Volunteering 101 Series:
An Orientation on Grassroots Volunteer Work
What You Perceive and What It Is: Volunteering Outlook and Actual Impact
subjective vs. objective evaluations of volunteering results
Chennai / India · 2018 kids demonstrating their language skills to teachers and parents during English day
This article is part of a series titled “Volunteering 101: An Orientation on Grassroots Volunteer Work” exploring the dynamics of volunteering with nonprofit organizations. My insights are based on two years of personal volunteering experience with nonprofits in Latin America, Asia and Africa as well as research and conversations with people involved in the sector. By volunteering I typically mean self-organized participation in grassroots projects as opposed to voluntourism or government postings, even though I will touch on these as well.
Some people ridicule volunteering abroad as Westerners visiting low-income countries, building brittle walls and posting pictures of their “humanitarian achievements” on Facebook to bathe in do-gooder recognition. And maybe sometimes it is just that, especially when we’re talking about voluntourism. Yet, under the right conditions, volunteers are not only a free source of labor for nonprofit organizations, but a valuable asset for their projects. The actual impact is determined in large parts by the skill set and work ethics of volunteers as well as the organizational cultures of nonprofits; the perceived usefulness, on the other hand, depends on an individual’s personal expectations and outlook.
volunteering expectations & outlook
A volunteer’s expectation of the experience, as much as a volunteer’s motivation, is a personal matter. I have met people whose unrealistic expectations preceded disappointment. After all, it is unlikely that you will leave a lasting footprint in local communities by volunteering abroad for a couple of days or weeks. Don’t get me wrong, some people do and time is not the only determinant of impact. But the reality of grassroots work is often one of little steps, detours and dead ends. The occasional doubt about sustainability and effectiveness might overcast a volunteer's experience even after months or years of engagement.
That is why your personal mentality and outlook on projects and tasks is crucial in shaping your perception of usefulness and meaningfulness: if you focus on your impact on an individual level, teaching one kid the alphabet might suffice to make you feel valuable. Sure, somebody else could have done the same job, but in that moment you did. For some, this is enough to keep going. If you set out to save the entire world in one week though, you might fall a little short of your goal, which can be frustrating.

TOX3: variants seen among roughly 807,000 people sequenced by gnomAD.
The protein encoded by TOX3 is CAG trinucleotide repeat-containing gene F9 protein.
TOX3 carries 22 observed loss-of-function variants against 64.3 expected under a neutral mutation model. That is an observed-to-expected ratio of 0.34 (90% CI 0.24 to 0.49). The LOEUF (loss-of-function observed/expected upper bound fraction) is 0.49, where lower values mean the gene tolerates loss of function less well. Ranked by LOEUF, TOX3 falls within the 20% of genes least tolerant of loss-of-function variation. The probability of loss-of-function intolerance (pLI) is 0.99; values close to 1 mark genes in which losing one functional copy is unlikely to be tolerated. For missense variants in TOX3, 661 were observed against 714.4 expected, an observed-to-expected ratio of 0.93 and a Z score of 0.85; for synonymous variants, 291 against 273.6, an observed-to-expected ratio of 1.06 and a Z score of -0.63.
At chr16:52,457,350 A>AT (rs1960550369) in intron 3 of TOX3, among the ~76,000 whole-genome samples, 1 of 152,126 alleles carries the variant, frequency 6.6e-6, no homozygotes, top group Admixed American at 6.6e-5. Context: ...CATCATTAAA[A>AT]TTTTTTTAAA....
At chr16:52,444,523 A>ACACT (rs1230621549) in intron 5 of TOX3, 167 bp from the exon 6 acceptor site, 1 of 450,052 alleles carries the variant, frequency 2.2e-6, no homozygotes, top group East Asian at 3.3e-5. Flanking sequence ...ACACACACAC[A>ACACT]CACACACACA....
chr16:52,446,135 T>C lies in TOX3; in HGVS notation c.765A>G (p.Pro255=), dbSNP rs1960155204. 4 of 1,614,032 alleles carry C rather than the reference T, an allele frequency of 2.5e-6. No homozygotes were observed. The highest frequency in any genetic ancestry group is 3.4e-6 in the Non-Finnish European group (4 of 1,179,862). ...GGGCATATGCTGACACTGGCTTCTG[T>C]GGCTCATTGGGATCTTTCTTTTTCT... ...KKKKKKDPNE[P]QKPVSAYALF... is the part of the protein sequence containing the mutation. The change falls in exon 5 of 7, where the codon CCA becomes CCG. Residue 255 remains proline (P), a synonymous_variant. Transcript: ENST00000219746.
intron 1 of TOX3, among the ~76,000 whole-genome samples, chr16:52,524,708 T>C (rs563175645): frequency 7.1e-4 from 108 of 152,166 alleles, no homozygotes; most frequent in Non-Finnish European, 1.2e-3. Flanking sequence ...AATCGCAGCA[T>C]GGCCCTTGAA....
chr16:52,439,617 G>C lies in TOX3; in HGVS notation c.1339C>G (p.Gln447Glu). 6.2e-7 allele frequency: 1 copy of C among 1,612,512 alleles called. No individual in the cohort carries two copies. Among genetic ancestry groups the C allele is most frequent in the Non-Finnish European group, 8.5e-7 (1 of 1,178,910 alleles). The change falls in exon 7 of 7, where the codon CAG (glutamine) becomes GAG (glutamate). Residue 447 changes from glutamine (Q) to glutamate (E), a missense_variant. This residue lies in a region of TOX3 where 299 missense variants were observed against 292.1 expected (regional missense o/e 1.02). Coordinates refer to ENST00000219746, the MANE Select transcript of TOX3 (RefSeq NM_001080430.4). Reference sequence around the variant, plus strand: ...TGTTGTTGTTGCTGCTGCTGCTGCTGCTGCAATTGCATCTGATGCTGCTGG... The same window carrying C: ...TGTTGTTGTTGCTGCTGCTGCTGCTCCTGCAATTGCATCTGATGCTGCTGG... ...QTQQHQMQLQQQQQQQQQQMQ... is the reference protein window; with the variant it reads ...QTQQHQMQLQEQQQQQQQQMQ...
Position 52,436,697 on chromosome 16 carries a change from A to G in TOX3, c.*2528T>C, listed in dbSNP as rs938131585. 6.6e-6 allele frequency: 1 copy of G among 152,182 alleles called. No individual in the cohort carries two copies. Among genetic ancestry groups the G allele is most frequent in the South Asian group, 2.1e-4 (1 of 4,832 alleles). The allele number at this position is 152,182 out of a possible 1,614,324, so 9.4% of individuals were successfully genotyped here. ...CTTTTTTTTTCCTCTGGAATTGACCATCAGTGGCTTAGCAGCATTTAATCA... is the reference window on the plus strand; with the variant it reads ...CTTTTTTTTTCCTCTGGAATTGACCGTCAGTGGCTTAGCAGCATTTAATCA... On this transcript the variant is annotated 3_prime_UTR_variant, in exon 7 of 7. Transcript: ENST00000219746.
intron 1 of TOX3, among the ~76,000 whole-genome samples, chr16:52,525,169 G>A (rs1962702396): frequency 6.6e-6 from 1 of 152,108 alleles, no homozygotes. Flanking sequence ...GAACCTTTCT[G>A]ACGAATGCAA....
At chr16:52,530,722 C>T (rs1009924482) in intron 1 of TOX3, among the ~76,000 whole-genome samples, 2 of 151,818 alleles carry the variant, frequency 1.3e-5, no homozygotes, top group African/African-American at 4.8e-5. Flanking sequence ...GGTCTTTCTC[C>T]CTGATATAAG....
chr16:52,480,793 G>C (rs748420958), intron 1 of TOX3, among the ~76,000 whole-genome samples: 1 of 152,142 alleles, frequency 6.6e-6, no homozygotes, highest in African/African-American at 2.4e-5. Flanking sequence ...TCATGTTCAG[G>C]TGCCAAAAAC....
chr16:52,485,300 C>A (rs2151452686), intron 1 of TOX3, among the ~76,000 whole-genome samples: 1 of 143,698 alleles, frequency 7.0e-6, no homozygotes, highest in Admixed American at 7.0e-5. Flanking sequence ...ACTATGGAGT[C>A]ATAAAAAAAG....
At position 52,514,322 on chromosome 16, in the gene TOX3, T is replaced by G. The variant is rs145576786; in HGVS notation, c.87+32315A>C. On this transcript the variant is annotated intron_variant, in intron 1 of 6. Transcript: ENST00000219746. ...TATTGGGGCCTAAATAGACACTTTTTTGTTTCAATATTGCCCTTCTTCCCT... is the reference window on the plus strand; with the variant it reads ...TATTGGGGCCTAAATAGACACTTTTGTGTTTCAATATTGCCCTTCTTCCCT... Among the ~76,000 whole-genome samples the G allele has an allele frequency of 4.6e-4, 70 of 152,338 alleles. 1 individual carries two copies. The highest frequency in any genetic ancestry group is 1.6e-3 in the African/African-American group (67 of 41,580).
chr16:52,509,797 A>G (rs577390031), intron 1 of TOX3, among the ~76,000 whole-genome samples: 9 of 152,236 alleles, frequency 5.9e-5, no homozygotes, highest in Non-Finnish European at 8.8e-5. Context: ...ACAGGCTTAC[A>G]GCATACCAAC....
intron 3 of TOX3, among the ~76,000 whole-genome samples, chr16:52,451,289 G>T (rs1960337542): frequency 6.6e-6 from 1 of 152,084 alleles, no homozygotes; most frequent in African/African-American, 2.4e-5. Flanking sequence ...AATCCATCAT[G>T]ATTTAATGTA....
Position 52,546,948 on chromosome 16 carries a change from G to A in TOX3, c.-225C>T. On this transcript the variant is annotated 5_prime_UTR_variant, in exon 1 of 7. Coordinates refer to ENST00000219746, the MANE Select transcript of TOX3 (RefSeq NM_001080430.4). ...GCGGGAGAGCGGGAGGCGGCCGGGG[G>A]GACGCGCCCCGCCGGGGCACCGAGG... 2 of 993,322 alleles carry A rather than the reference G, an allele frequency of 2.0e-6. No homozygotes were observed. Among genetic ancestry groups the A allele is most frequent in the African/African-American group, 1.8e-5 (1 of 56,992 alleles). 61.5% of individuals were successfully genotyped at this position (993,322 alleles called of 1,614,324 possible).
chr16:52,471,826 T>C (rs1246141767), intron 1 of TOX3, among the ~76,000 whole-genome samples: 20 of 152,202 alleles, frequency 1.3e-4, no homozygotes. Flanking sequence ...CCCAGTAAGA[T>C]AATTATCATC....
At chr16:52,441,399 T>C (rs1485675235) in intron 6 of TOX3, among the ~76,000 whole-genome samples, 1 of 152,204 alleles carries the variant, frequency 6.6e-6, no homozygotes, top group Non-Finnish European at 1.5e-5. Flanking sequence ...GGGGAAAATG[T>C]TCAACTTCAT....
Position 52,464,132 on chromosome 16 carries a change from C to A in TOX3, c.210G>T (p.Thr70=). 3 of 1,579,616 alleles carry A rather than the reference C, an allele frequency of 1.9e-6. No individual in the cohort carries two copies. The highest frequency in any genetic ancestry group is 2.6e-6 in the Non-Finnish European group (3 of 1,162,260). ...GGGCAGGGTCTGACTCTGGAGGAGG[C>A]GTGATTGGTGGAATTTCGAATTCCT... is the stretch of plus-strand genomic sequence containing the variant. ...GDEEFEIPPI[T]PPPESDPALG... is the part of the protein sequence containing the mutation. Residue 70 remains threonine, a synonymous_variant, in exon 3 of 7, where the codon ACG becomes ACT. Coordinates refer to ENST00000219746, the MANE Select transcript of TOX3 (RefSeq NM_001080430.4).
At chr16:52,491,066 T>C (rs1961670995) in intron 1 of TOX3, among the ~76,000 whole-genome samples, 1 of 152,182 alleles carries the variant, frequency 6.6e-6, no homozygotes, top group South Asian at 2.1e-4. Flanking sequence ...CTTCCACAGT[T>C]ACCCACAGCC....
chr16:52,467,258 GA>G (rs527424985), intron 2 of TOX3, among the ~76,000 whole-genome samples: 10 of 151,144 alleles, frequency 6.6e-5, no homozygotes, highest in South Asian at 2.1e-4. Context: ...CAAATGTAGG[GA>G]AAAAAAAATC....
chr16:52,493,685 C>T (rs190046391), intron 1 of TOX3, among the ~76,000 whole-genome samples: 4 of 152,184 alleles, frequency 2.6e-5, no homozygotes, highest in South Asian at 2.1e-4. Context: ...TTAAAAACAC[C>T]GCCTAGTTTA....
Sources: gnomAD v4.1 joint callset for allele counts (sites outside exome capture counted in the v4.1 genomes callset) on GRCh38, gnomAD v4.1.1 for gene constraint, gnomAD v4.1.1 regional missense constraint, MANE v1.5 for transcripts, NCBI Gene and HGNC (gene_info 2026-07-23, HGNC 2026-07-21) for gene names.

Another dimension of volunteering expectations is the scope of work. If you apply to an educational project, you expect to spend time in the classroom; if you’re volunteering with a wildlife conservation nonprofit, you want to be around animals. However, volunteering at the grassroots is not always that straightforward. An educational project might need a helping hand with a broad array of activities that are only loosely or not at all related to a classroom experience. For instance, during my first weeks at Escuela Katitawa in Ecuador I taught elementary school as I had expected. But throughout the year of my stay I was asked to participate in many other tasks and became a volunteering jack of all trades. My scope of work encompassed project management, volunteer coordination, administration and fundraising as well as jobs such as librarian, web designer, content writer, gardener and construction worker.
Salasaka / Ecuador Educational projects like Escuela Katitawa in Ecuador might need help with an array of activities besides teaching, such as event management, gardening and construction works.
As a volunteer you might bring a certain skill set that makes you more valuable in a field that isn’t the one you had in mind or that is your preference. I’ve come to find that people exhibit different reactions when being asked to help out in an area they didn’t anticipate: one is welcoming unexpected tasks as a challenge and feeling useful when doing whatever is needed most; another is seeing unexpected tasks as a drawback to your own agenda and feeling frustrated about not applying the skills you intended to use.